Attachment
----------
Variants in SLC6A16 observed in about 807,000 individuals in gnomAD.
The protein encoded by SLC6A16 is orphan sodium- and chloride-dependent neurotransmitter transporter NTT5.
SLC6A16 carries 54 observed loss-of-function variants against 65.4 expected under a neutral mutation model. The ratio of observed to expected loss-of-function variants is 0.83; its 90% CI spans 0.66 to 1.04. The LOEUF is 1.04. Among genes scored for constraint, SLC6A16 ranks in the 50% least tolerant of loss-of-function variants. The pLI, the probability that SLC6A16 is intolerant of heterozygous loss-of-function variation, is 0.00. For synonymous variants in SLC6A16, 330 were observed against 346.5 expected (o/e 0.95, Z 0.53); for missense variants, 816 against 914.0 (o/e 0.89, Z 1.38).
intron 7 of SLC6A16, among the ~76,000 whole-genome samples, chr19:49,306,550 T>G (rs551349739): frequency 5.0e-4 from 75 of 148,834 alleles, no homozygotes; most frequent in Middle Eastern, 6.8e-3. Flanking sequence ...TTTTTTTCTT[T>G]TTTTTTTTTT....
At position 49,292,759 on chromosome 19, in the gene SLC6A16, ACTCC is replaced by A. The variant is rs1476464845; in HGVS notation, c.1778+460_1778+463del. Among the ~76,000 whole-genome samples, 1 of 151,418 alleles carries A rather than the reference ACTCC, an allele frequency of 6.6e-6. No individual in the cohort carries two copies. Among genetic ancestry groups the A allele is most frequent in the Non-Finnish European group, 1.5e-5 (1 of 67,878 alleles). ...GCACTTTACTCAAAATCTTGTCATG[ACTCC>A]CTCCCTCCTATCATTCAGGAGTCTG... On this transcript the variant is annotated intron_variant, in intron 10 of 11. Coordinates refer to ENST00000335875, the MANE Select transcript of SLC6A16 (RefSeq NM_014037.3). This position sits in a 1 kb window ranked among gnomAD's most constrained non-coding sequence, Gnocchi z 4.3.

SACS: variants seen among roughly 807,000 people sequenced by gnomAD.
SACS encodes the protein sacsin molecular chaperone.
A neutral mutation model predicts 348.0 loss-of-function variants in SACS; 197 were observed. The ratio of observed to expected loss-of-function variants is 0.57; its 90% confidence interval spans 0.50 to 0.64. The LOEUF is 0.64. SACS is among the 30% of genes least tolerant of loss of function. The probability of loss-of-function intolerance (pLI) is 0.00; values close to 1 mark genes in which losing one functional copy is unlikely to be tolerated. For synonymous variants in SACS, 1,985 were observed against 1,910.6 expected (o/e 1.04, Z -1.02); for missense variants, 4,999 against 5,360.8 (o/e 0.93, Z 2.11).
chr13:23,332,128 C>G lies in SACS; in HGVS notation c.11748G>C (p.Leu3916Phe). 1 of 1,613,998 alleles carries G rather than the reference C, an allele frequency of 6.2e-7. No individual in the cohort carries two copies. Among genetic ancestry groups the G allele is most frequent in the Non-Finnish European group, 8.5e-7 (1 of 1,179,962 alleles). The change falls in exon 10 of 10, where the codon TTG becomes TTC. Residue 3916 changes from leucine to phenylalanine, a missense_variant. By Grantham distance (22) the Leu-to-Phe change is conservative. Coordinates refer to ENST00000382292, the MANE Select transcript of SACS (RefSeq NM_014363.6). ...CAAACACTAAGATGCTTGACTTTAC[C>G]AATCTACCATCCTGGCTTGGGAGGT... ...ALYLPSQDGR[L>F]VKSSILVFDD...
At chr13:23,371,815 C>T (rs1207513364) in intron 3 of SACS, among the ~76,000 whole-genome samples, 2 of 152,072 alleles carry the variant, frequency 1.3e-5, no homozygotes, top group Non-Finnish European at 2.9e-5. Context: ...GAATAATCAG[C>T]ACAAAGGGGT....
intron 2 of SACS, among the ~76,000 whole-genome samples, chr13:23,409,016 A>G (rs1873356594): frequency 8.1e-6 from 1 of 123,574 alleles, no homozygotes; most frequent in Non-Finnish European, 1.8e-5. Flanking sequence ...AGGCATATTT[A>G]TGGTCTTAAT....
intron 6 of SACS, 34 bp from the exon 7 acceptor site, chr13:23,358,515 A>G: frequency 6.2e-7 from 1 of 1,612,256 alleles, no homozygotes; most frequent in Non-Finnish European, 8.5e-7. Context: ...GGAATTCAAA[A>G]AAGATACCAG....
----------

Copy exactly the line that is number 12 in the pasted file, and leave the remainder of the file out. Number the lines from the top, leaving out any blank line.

intron 6 of SACS, 34 bp from the exon 7 acceptor site, chr13:23,358,515 A>G: frequency 6.2e-7 from 1 of 1,612,256 alleles, no homozygotes; most frequent in Non-Finnish European, 8.5e-7. Context: ...GGAATTCAAA[A>G]AAGATACCAG....